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Honey Vs Sucrose Vs No Sugar In Rats

Discussion in 'Scientific Studies' started by nomoreketones, Apr 23, 2016.

  1. nomoreketones

    nomoreketones Member

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    The long-term effects of feeding honey compared with sucrose and a sugar-free diet on weight gain, lipid profiles, and DEXA measurements in rats. - PubMed - NCBI

     
  2. OP
    nomoreketones

    nomoreketones Member

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    So sucrose made the rats more fat. The honey fed rats were at the same fat level as the sugar free rats.

    Anyone know why?
     
  3. DaveFoster

    DaveFoster Member

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  4. Hugh Johnson

    Hugh Johnson Member

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    Shortage of micronutrients would be my starting hypothesis.
     
  5. paymanz

    paymanz Member

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    nice study,the bone results are really interesting.
     
  6. paymanz

    paymanz Member

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    maybe the sweetness of food made animals eat more food on sugary diet and their calculated calorie intake is faulty.

    for example the honey they mentioned 21percent water,according to nutrition data its 17percnt water,but they measured it themself.

    i dont know maybe the study has some fault and maybe not!
     
  7. XPlus

    XPlus Member

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    What else did they eat.
     
  8. Peater Piper

    Peater Piper Member

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    There was also a study where sugar increased fatty liver, but honey didn't. Chris Masterjohn talked about it. Honey's more than sugar.
     
  9. XPlus

    XPlus Member

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    Sugar could be problematic in my experience when it isn't balanced out with vitamin and mineral supplementation.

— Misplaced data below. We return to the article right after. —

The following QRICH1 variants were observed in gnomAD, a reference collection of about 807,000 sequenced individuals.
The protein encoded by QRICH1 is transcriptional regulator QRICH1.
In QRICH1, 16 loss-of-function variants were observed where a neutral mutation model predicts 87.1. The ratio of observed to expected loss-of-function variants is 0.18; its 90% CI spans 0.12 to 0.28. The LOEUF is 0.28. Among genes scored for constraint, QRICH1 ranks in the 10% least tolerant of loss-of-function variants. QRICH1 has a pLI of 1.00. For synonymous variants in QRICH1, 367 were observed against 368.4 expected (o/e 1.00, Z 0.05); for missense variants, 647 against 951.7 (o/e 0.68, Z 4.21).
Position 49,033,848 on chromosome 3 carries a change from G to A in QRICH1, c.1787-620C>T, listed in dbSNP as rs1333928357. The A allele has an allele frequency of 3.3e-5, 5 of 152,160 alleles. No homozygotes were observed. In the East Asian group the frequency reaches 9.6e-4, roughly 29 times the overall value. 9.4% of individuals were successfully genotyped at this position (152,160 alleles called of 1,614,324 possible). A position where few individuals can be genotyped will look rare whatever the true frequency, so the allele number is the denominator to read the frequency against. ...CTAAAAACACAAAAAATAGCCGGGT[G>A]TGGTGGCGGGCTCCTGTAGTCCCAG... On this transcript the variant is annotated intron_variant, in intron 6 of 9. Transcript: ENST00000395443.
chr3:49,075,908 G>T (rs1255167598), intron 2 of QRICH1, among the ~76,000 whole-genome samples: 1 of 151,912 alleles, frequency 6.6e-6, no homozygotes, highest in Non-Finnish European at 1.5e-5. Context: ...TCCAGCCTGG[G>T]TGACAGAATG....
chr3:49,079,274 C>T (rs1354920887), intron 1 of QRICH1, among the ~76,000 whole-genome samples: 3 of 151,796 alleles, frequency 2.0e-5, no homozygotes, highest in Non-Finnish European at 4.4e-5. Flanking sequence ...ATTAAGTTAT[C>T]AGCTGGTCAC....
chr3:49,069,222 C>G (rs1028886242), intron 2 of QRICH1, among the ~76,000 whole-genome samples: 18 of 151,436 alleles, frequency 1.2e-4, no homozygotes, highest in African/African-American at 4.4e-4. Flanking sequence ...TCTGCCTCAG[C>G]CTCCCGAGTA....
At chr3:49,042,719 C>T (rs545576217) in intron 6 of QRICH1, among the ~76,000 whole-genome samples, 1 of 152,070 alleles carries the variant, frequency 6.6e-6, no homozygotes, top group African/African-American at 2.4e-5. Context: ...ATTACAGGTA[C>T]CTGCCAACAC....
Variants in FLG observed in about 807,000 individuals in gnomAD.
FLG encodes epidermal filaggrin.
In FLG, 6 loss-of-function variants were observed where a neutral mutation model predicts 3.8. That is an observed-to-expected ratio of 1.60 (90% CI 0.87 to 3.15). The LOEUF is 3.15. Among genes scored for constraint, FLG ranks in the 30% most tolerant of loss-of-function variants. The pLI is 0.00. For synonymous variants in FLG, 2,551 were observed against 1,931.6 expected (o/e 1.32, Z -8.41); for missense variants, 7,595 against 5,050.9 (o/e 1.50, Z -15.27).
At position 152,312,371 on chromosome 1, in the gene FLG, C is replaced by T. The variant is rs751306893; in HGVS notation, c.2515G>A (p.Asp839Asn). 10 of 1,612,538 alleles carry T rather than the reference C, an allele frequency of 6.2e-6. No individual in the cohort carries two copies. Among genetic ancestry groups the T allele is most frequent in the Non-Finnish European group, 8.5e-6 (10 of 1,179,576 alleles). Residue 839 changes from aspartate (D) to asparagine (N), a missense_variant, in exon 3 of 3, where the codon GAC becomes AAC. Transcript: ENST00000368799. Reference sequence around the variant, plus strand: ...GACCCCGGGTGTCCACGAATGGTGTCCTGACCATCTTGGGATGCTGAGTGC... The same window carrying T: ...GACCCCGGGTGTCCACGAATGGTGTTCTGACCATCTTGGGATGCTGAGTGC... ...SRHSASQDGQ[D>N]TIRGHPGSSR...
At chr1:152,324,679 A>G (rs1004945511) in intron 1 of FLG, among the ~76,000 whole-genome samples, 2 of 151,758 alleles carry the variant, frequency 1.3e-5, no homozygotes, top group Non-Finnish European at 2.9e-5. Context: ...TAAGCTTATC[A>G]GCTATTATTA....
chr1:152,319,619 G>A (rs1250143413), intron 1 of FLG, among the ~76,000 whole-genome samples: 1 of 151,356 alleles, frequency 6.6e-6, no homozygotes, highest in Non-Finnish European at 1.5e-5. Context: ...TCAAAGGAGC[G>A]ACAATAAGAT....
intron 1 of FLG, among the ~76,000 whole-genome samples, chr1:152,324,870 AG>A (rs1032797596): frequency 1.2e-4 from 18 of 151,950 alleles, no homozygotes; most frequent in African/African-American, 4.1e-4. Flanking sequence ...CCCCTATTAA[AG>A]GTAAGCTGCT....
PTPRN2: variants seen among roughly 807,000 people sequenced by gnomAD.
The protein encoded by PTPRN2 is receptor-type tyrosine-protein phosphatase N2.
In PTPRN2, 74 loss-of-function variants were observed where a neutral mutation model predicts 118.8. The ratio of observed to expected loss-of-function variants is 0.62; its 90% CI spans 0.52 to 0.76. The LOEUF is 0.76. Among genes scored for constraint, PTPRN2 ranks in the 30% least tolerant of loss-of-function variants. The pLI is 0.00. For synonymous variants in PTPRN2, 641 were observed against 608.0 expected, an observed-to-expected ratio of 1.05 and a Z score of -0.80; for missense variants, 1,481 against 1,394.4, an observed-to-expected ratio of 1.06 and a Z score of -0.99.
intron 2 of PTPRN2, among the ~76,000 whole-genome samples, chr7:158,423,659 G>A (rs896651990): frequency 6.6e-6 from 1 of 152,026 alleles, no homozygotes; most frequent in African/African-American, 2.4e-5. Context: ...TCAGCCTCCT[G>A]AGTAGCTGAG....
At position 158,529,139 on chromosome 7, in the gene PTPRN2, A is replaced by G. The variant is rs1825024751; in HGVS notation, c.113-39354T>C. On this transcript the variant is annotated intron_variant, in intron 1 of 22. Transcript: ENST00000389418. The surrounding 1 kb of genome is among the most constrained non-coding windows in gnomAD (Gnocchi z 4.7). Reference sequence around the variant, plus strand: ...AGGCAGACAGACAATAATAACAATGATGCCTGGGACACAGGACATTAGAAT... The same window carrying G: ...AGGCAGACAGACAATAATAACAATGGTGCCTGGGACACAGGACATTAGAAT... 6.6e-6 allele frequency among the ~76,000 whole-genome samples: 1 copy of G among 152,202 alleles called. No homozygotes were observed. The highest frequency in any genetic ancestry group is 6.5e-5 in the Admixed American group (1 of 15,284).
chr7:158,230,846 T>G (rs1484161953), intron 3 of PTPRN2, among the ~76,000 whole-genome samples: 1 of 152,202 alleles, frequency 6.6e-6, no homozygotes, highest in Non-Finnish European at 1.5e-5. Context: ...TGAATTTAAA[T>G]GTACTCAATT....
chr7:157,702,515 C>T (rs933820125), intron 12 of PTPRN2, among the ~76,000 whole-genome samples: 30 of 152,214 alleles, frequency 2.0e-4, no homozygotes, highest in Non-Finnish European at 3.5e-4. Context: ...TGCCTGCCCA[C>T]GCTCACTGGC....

10. Giraffe

    Giraffe Member

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    Here is the full text link.

    In the sugar-free diet they used amylose (a resistant starch). The honey they used (honeydew honey) has a higher mineral content and more "antioxidants" than regular honey. The rest of the diet consisted of skim milk powder, casein, used oil (to enhance oxidative damage), starch, mineral mix, vitamin mix, water and lots of cellulose. The non-honey groups got some extra water.

    The food intake in the three groups was practically identical which I find strange. In ad libitum fed rats I would expect a bit more deviation. (I am no expert in statistics though.)

    Figure 1 looks like the weight of the sucrose group was already higher at baseline.

    It would be interesting to know how much undigested stuff the feces of the rats contained. I couldn't find information on that. The authors seem to have focused on the benefits of honey. I found another publication from that study: http://www.ncbi.nlm.nih.gov/pubmed/19296910

    The study was funded by Fonterra Brands Ltd. New Zealand.
     
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